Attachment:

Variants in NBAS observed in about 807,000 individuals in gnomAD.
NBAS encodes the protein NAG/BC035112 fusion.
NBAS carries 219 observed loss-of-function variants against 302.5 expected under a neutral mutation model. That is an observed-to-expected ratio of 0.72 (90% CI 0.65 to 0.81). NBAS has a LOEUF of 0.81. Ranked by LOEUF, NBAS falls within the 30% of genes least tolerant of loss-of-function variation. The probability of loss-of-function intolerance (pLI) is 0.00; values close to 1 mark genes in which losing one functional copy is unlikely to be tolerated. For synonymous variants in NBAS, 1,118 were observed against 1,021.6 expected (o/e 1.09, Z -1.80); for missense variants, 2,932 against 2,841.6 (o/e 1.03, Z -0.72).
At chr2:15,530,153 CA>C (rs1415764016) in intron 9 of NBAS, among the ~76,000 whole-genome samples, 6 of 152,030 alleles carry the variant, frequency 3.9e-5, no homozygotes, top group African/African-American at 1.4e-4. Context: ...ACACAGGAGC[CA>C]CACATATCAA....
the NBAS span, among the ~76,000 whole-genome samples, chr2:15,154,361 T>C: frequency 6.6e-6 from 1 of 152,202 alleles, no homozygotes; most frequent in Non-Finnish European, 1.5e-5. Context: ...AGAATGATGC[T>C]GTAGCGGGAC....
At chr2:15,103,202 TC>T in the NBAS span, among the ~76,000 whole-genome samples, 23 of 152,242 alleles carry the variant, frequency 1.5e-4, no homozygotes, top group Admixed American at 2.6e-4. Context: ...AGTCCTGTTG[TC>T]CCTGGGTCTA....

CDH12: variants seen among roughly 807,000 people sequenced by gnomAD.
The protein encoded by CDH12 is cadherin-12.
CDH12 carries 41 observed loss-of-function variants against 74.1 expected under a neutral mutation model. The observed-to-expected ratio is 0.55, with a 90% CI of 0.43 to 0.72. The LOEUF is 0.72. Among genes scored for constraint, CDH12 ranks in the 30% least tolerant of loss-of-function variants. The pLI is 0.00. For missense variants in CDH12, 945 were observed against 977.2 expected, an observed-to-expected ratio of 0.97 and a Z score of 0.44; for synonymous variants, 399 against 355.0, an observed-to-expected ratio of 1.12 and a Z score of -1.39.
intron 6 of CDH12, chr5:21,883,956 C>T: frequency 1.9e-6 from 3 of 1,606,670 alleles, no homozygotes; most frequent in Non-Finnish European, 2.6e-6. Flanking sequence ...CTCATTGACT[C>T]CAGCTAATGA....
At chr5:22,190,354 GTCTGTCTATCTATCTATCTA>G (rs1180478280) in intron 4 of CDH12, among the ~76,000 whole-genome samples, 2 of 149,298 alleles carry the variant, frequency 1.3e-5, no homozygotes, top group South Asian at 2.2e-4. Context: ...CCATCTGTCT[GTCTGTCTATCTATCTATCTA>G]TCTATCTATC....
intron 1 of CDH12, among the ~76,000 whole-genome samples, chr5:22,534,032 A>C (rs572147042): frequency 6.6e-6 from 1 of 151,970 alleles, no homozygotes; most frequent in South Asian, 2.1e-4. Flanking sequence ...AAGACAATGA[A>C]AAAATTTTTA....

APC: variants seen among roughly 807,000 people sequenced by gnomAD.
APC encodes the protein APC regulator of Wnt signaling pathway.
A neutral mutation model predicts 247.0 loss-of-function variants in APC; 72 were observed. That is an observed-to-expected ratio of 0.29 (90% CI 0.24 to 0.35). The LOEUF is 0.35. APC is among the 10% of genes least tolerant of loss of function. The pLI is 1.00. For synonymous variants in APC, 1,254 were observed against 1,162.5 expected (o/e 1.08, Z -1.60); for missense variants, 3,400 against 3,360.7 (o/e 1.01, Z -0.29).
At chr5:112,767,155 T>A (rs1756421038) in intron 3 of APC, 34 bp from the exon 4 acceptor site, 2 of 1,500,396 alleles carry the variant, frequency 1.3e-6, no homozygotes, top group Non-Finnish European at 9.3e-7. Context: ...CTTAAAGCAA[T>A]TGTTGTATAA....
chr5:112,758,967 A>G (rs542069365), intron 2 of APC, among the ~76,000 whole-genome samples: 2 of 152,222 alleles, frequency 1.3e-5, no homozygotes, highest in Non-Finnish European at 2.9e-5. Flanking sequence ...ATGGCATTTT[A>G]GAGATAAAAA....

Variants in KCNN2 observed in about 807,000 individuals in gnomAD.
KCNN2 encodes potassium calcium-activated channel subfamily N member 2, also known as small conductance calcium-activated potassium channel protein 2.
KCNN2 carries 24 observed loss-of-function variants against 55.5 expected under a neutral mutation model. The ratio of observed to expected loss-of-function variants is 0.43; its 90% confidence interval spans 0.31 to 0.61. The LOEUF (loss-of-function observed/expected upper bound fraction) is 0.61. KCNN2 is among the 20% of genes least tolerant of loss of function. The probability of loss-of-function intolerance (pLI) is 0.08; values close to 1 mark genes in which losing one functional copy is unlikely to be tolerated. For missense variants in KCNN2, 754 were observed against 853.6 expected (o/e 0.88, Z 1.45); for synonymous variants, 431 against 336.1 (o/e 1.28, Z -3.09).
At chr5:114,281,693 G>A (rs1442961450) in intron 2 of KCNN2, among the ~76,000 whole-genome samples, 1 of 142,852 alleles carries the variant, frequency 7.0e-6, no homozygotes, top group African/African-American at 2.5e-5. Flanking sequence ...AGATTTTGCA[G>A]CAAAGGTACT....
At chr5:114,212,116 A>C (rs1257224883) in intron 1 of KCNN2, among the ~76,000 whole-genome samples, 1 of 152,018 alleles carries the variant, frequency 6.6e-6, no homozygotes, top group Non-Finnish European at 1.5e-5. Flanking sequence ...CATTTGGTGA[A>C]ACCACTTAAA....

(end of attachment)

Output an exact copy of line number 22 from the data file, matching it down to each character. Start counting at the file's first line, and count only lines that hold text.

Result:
At chr5:114,212,116 A>C (rs1257224883) in intron 1 of KCNN2, among the ~76,000 whole-genome samples, 1 of 152,018 alleles carries the variant, frequency 6.6e-6, no homozygotes, top group Non-Finnish European at 1.5e-5. Flanking sequence ...CATTTGGTGA[A>C]ACCACTTAAA....